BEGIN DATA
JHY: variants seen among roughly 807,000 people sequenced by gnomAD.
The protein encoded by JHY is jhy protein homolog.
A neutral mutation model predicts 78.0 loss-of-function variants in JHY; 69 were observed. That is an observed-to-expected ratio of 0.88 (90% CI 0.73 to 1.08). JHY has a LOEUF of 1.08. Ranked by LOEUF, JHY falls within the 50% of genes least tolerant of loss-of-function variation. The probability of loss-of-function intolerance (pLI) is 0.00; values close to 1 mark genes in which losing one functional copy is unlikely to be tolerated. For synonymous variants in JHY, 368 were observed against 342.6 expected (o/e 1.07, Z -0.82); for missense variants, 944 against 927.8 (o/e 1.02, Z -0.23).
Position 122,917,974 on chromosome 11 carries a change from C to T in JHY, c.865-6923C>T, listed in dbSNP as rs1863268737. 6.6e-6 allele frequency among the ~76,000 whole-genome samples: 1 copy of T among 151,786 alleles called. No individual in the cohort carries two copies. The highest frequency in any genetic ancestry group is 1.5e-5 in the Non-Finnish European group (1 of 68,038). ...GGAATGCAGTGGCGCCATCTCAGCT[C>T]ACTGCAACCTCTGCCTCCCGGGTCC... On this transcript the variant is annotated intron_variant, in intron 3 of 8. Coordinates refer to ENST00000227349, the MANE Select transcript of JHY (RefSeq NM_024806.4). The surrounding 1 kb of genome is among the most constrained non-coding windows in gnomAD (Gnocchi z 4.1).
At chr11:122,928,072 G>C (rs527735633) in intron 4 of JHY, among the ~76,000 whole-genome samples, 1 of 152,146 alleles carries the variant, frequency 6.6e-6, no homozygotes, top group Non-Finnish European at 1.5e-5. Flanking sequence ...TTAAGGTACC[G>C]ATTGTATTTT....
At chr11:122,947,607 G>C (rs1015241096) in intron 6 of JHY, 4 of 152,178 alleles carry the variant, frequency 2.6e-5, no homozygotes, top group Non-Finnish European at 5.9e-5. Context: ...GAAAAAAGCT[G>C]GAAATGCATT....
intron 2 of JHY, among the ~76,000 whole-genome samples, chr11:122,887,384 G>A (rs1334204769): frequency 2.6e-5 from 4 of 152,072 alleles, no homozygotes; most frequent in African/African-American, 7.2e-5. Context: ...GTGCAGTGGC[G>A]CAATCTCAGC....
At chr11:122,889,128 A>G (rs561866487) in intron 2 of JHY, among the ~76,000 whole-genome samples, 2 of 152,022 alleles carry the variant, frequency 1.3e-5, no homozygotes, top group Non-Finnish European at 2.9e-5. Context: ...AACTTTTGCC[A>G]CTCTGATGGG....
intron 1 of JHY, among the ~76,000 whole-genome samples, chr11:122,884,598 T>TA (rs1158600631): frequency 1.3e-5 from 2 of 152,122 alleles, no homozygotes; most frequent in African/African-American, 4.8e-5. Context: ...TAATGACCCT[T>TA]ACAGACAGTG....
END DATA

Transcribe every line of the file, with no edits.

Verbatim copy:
JHY: variants seen among roughly 807,000 people sequenced by gnomAD.
The protein encoded by JHY is jhy protein homolog.
A neutral mutation model predicts 78.0 loss-of-function variants in JHY; 69 were observed. That is an observed-to-expected ratio of 0.88 (90% CI 0.73 to 1.08). JHY has a LOEUF of 1.08. Ranked by LOEUF, JHY falls within the 50% of genes least tolerant of loss-of-function variation. The probability of loss-of-function intolerance (pLI) is 0.00; values close to 1 mark genes in which losing one functional copy is unlikely to be tolerated. For synonymous variants in JHY, 368 were observed against 342.6 expected (o/e 1.07, Z -0.82); for missense variants, 944 against 927.8 (o/e 1.02, Z -0.23).
Position 122,917,974 on chromosome 11 carries a change from C to T in JHY, c.865-6923C>T, listed in dbSNP as rs1863268737. 6.6e-6 allele frequency among the ~76,000 whole-genome samples: 1 copy of T among 151,786 alleles called. No individual in the cohort carries two copies. The highest frequency in any genetic ancestry group is 1.5e-5 in the Non-Finnish European group (1 of 68,038). ...GGAATGCAGTGGCGCCATCTCAGCT[C>T]ACTGCAACCTCTGCCTCCCGGGTCC... On this transcript the variant is annotated intron_variant, in intron 3 of 8. Coordinates refer to ENST00000227349, the MANE Select transcript of JHY (RefSeq NM_024806.4). The surrounding 1 kb of genome is among the most constrained non-coding windows in gnomAD (Gnocchi z 4.1).
At chr11:122,928,072 G>C (rs527735633) in intron 4 of JHY, among the ~76,000 whole-genome samples, 1 of 152,146 alleles carries the variant, frequency 6.6e-6, no homozygotes, top group Non-Finnish European at 1.5e-5. Flanking sequence ...TTAAGGTACC[G>C]ATTGTATTTT....
At chr11:122,947,607 G>C (rs1015241096) in intron 6 of JHY, 4 of 152,178 alleles carry the variant, frequency 2.6e-5, no homozygotes, top group Non-Finnish European at 5.9e-5. Context: ...GAAAAAAGCT[G>C]GAAATGCATT....
intron 2 of JHY, among the ~76,000 whole-genome samples, chr11:122,887,384 G>A (rs1334204769): frequency 2.6e-5 from 4 of 152,072 alleles, no homozygotes; most frequent in African/African-American, 7.2e-5. Context: ...GTGCAGTGGC[G>A]CAATCTCAGC....
At chr11:122,889,128 A>G (rs561866487) in intron 2 of JHY, among the ~76,000 whole-genome samples, 2 of 152,022 alleles carry the variant, frequency 1.3e-5, no homozygotes, top group Non-Finnish European at 2.9e-5. Context: ...AACTTTTGCC[A>G]CTCTGATGGG....
intron 1 of JHY, among the ~76,000 whole-genome samples, chr11:122,884,598 T>TA (rs1158600631): frequency 1.3e-5 from 2 of 152,122 alleles, no homozygotes; most frequent in African/African-American, 4.8e-5. Context: ...TAATGACCCT[T>TA]ACAGACAGTG....